Ransomware is a malicious software that blocks access to a computer by encrypting its data and demands money, usually using untraceable Bitcoin, to release it. Microsoft tells us they can target any PC users, whether it’s a home computer, endpoints in an enterprise network, or servers used by a government agency or healthcare provider.
The latest, major attack is referenced as WannaCry or WanaCrypt0r and is impacting more than 150 countries for ransoms of $300 to $600 to regain access to the data. On Friday WannaCry hit more than 200,000 computers across the world, targeting mostly large companies' computer systems including hospitals banks, FedX, train stations, etc. As people log onto their computers this morning, they are finding a message telling them their computer information has been encrypted and a ransom via untraceable Bitcoin is required to get their information access back.
Although the experts are already citing this hack's global reach as unprecedented, more victims are expected as they log into their computers this morning/week.
Experts are advising, that victims should NOT pay the ransom as doing so doesn't guarantee you will regain access to your data and could also expose you to further attacks; and it also simply funds future crimes. Less than 100 have paid as of this morning.
Windows Operating System Defences:
- Users of Windows Vista, Windows 7, and Windows 8.1 can protect themselves against the main way of infection by running Windows Update on their computer. Reports show that computers that had fully updated their MS software products were protected from WanaCry; many of those that were infected had not installed the security updates.
- Windows XP, Windows Server 2003 and Windows 8 users can defend against the ransomware by downloading the new patch from Windows.
- Users can further protect themselves by being wary of malicious email attachments, another major way ransomware is known to be spread.
More antivirus platforms, including Microsoft’s own Windows Defender, are now recognizing and blocking the malware, but don't rely just on technical fixes - you must always stay vigilant when working on your computer.
Summary- Defending Against Ransomware:
- Install and use an up-to-date antivirus solution (such as Microsoft Security Essentials).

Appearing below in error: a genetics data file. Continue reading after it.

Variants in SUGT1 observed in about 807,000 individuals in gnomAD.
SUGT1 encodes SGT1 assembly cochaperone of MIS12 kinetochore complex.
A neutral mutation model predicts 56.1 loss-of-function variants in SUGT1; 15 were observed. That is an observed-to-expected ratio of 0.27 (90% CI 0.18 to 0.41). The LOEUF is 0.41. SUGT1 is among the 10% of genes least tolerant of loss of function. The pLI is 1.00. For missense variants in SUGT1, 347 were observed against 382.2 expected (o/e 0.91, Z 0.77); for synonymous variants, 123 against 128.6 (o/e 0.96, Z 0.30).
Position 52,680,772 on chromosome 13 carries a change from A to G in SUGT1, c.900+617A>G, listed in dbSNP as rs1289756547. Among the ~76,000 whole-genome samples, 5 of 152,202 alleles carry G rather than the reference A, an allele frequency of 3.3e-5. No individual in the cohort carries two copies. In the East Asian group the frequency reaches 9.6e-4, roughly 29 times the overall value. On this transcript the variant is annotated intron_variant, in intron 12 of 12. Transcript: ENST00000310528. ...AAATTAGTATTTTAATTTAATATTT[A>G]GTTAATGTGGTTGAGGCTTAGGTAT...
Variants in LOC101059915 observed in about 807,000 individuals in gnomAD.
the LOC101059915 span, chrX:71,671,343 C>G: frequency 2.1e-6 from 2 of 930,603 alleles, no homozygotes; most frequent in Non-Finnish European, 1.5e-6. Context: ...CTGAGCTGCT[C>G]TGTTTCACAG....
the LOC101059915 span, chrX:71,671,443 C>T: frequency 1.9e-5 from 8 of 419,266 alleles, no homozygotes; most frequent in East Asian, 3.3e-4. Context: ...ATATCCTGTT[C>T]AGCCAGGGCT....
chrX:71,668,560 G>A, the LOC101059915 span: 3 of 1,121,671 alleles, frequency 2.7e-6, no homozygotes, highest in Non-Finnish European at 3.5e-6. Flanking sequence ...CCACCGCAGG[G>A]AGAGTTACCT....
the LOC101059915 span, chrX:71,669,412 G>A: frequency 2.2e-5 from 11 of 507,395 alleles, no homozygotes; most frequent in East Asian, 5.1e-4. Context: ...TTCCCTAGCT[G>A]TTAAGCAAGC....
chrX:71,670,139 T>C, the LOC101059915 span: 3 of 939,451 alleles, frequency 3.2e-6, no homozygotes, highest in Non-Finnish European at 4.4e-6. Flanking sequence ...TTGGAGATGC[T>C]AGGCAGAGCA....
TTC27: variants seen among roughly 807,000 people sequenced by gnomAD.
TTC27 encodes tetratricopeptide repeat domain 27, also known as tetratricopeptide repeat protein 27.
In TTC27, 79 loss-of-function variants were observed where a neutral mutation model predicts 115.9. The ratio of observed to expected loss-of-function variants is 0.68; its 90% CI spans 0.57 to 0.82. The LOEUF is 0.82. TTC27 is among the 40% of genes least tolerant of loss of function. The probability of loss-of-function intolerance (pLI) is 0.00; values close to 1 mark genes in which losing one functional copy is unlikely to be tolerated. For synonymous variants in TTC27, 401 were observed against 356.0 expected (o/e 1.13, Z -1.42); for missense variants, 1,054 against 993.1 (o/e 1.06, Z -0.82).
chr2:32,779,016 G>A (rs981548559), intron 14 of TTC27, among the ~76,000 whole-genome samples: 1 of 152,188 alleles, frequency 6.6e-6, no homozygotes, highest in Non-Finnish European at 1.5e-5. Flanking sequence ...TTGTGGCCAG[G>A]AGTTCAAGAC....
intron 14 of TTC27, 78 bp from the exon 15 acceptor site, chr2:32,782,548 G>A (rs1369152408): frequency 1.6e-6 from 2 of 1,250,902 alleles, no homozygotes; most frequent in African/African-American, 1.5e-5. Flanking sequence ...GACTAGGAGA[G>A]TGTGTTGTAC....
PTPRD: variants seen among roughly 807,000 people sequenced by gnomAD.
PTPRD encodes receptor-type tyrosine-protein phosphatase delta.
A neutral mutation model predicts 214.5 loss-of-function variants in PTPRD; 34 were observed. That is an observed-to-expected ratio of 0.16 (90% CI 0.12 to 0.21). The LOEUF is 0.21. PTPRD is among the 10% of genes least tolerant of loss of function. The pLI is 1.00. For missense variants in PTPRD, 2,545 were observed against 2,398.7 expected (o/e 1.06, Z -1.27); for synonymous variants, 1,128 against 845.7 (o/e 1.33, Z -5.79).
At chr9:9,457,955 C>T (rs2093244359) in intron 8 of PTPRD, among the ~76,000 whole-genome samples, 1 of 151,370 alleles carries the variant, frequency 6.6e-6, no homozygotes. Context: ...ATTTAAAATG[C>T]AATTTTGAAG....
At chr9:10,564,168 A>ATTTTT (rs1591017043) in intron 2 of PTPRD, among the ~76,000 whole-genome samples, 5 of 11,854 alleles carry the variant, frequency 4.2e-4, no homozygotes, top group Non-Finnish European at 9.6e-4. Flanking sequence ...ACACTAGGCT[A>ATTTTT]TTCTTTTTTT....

- Avoid clicking on links or opening attachments or emails from people you don't know or companies you don't do business with.
- Ensure you have smart screen (in Internet Explorer) turned on.
- Have a pop-up blocker running in your web browser.
- Regularly backup your important files.
- Clicking on malicious or bad links in emails, Facebook, Twitter, and other social media posts, instant messenger chats, like Skype.
- Say "yes" to all Microsoft Office applications up dates, or set your computer to receive these automatic updates, protecting Windows Vista, Windows 7 and Windows 8.1.
- Be careful where you surf on the internet as most cases, ransomware is automatically downloaded when you visit a malicious website or a website that's been hacked.
- Get the new patch from Windows (Windows XP, Windows Server 2003 and Windows 8)- see link above.
- Refrain from clicking on strange or unrecognizable attachments on web pages or Emails unless you are sure it's safe.
- Backup your data/hard drive regularly.
What to Do If Your Computer Has Been Attacked:
How to recover your files depends on what version of Windows you are using and where you store your files.
- Microsoft suggests, that before you try to recover files, you should use Windows Defender Offline to fully clean your PC.
- For detailed information on efforts to recover your data, please visit https://www.microsoft.com/en-us/security/portal/mmpc/shared/ransomware.aspx and look under "Frequestly Asked Questions - How to I Get My Files Back".
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- Microsoft Website: https://www.microsoft.com/en-us/security/portal/mmpc/shared/ransomware.aspx
- Microsoft Blog: https://blogs.technet.microsoft.com/msrc/2017/05/12/customer-guidance-for-wannacrypt-attacks/
- ABC and Fox News (TV Broadcasts)